Momentum is building for an increase in the federal minimum wage, with the only remaining questions being “How much?” and “How soon?” President Obama called upon Congress in this year’s State of the Union speech to raise the federal minimum wage. Since then, the White House has launched a webpage dedicated to the issue at www.whitehouse.gov/raise-the-wage, the President has signed an Executive Order mandating that persons working on new federal service contracts earn at least $10.10/hour, the Department of Labor conducted its #RaiseTheWage Week of Action, and the states of Connecticut and Maryland have passed legislation that will increase their state’s minimum wage to $10.10/hour.
The federal minimum wage currently stands at $7.25. Raising it to $10.10 would represent an almost 40% increase. While 21 states already have their own minimum wage that is higher than $7.25, Texas does not so this would represent a potentially significant increase in labor expenditures for businesses that operate in Texas. Even companies that do not currently have any hourly employees at minimum wage or even below $10.10/hour could see a “trickle up” effect whereby employees in the $10-15/hour range may expect or need to see a proportionate increase in their hourly rate.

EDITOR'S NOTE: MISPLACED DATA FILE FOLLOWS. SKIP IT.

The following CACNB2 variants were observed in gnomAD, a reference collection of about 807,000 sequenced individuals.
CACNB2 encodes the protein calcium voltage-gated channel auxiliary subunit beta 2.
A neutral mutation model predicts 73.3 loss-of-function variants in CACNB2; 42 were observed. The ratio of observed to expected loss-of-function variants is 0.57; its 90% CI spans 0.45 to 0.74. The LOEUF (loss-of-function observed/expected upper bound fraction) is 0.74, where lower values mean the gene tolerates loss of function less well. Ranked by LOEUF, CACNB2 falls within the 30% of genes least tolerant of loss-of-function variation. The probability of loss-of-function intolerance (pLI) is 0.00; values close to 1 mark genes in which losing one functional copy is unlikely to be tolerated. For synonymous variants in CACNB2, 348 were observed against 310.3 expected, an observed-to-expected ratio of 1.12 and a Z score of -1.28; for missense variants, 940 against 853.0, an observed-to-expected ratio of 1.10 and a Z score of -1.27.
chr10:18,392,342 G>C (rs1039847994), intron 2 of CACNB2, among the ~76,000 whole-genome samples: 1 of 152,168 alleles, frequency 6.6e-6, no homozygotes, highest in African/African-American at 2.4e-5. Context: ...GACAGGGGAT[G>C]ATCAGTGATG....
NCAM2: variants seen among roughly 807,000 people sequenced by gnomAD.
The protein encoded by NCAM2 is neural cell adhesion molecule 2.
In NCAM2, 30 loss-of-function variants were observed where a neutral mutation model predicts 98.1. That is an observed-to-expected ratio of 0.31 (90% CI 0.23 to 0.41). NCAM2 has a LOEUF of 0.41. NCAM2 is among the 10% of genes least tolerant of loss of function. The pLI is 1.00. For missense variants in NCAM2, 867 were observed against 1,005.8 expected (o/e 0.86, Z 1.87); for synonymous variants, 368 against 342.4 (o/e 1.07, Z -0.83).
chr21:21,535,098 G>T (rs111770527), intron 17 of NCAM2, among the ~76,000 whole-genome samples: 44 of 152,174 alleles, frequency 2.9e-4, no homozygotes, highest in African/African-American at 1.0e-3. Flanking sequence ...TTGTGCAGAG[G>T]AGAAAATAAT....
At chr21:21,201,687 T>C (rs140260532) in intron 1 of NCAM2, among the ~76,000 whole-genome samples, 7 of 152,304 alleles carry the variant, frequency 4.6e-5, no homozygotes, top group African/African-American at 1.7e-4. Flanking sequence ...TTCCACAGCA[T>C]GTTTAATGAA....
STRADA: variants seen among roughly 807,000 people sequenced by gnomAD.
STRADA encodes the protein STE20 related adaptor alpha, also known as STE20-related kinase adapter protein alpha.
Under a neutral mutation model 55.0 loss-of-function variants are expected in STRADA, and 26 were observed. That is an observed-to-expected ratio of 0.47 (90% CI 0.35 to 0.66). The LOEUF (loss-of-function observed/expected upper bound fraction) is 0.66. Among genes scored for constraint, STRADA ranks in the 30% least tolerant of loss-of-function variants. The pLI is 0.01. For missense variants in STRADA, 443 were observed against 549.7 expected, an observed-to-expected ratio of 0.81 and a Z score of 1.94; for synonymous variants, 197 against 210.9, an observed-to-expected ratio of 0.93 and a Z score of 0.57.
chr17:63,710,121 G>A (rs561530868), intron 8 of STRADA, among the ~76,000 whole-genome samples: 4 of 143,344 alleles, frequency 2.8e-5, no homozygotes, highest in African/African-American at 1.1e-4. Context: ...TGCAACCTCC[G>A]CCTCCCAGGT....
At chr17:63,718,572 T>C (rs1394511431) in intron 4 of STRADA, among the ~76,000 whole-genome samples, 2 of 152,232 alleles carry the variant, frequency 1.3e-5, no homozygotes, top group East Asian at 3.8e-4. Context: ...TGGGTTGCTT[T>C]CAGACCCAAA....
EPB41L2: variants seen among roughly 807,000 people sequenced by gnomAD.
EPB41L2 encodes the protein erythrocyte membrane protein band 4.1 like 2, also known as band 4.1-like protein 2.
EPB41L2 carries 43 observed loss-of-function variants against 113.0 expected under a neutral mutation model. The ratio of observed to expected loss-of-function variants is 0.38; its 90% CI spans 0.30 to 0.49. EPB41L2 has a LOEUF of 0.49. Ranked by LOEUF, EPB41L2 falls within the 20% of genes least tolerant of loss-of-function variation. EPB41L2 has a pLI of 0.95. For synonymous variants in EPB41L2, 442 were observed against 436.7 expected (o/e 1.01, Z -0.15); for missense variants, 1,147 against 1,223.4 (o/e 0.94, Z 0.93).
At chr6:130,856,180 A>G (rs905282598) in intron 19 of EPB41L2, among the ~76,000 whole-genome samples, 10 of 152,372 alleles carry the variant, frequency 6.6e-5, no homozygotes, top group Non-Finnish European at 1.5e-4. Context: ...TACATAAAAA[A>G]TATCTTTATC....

Employers may find some respite in the fact that any increase of more than $1 per hour will likely be phased in over a multi-year period. For instance, Congress could stair-step the increase so that in 2015 the federal minimum wage would increase to $8.25, in 2016 it would increase to $9.25, and then in 2017 it would increase to $10.10. Congress utilized a similar process when increasing the minimum wage from $5.15 to $7.25 in three increments between 2007 and 2009.
Congress may eventually compromise on an amount less than $10.10/hour as legislation winds its way through the House and Senate. Regardless, prudent employers should plan on seeing some sort of increase in the minimum wage, and should expect to see legislation passed within the next year finalizing such increase.